Jon Dawson: Man with mortgage asks bank to pay for repairs he made on house they own

Photo by Jeremy Bishop/Unsplash

By Jon Dawson

Are you a homeowner? I share one with the bank.

About four years ago The Wife and I passed a milestone: For the first time since we signed the papers on the bank loan for Dawson Manor, more of our mortgage payment went to the principal than the interest. While the bank still owns about half of the house, 80 percent of living room and 1/3 of the kitchen belong to us.

Even though we pay extra on the principal of mortgage every month in an attempt to have the house paid off before I’ll need physical therapy to blink, I still want it paid off faster. To that end The Wife and I held a think tank, and we came up with a pretty cool idea. We’ve decided to start charging the children rent.

When the Tax Deductions (age 16 and 11) protested, we suggested they use their lunch money to pay their rent. Then they reminded us that The Mama/The Wife makes their lunch for them every day. Being quick on my feet, I suggested they start selling their lunches. They are delicious meals, so the dough should start rolling in soon.

The day before we signed the mortgage papers we had not one debt in the world. If I borrowed 55 cents from you to buy a Pepsi, you’d have it back within 24 hours guaranteed. Having that mentality served me in good stead until I was wrapped in the smothering warmth of a 30-year bank note.

The muscle memory to pay the money back within 24 hours was still there. For several days after signing the mortgage I’d drive to the bank with the intention of paying up in full, only to realize I didn’t have 30-years worth of house payments sitting in the cup holder in my car. If I can ever convince the bank to recognize the brick of Bojangles napkins in my glove compartment as currency we’ll be in business.

In a way a your mortgage is the most faithful friend you’ll ever have. You’re going to be in each other’s lives for decades and no matter what happens, that mortgage will be right by your side. Sometimes when people hit a bad streak and they’re down and out, their friends and family will drop them like a hot potato – but a mortgage would never do that. If you lose your job, empty your savings, and have to barbecue your teddy bear for supper, your mortgage will be a true pillar of consistency in your life.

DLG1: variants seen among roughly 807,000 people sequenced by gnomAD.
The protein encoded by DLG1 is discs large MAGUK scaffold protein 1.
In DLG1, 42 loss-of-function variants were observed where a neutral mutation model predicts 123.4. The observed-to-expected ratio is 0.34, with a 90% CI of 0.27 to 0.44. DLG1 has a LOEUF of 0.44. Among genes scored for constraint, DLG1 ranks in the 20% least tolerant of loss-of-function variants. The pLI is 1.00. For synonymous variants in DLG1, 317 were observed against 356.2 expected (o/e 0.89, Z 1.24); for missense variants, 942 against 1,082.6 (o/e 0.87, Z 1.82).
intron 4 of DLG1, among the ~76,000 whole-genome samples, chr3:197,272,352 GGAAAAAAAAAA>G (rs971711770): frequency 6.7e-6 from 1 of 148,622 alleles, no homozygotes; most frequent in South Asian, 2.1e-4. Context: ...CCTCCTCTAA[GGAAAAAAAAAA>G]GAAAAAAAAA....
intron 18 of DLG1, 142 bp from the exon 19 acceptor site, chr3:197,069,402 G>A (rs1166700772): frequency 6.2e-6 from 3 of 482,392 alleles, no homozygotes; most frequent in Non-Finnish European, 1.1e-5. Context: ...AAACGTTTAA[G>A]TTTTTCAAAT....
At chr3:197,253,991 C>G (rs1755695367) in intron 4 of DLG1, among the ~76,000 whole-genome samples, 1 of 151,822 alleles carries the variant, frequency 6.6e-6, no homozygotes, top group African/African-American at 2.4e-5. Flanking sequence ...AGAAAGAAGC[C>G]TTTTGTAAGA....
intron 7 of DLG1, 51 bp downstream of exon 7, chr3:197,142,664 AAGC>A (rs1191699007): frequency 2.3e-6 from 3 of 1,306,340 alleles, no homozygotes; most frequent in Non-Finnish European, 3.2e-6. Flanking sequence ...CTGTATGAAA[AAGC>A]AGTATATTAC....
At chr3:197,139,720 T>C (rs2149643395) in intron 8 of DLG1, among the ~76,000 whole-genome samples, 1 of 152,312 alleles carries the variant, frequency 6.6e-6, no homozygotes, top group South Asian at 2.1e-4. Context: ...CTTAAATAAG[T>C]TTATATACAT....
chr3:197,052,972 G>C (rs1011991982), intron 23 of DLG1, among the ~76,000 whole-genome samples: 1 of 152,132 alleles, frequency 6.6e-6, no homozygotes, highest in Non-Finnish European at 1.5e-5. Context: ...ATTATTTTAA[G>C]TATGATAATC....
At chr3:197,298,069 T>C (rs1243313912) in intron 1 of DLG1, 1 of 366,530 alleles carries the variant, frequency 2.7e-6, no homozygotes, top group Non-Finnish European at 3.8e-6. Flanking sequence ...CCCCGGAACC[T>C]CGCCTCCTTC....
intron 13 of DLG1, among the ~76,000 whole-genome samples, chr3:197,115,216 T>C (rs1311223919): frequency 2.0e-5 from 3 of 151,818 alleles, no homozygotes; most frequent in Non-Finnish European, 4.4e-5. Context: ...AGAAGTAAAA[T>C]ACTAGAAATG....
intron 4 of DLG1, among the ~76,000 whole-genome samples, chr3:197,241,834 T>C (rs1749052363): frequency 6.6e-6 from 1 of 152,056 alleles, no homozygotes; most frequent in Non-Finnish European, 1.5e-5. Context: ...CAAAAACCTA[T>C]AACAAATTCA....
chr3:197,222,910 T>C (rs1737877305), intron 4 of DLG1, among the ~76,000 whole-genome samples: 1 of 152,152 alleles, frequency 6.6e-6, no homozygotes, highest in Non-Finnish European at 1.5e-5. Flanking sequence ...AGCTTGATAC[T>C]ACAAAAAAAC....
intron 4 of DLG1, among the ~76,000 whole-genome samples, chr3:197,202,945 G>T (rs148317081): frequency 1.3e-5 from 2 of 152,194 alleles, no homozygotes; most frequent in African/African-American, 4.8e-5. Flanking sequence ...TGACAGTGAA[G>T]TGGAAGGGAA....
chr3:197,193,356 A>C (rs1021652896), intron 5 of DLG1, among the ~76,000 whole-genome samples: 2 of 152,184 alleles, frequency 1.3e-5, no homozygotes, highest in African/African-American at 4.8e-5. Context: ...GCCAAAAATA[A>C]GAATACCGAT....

When I was a kid, every time someone opened an account at the bank on a TV show they were given a free toaster. I can’t tell you how disappointed I was that we didn’t receive a toaster when we set up our mortgage. Even sometimes now when I see my banker I’ll ask him if the toasters have come in yet. He just smiles and asks does he need to “call someone” for me.

I’ve come to realize the bank is never going to give me a toaster. Or a sandwich. Or even a pack of Nabs.

The Bryan Hanks Show airs on 960-AM in Kinston, and daily at 7 a.m. & 3 p.m. It also airs on the suite of stations in New Bern and Greenville (107.5-FM) at 6 p.m.

Last night as I sat at the dinner table and looked over at the 1/3 of the kitchen that we owned, I started to add up all of the repairs and maintenance we’d done on the portion of the house the bank still owns. Painting, pressure washing, plumbing, electrical, exorcisms – loads of work done on the bank’s portion of the house. Not once has the bank offered to pay for the work done on their house.

With that in mind, I compiled an invoice of all the work done on the bank’s portion of the house and attached it to our mortgage payment last week. I handed the teller the invoice at the drive-thru window with Tax Deductions 1 and 2 in tow. As usual, the sweet lady at the window handed me two suckers for the kids. After reading the invoice the shocked teller she froze. I don’t mean she was just still, I mean her eyes stopped blinking.

As I drove off I realized she shorted me one sucker. Why should the kids get the suckers? They aren’t making any mortgage payments.

When I drove back to the drive-thru window to get my sucker a few minutes later, the teller hadn’t moved one inch. Everyone at the bank was probably worried about the day someone figured out the bank should be paying for upkeep on their portion of the houses they owned. It’s their house, it’s their responsibility.

You’re welcome, America.

Jon Dawson’s books available at

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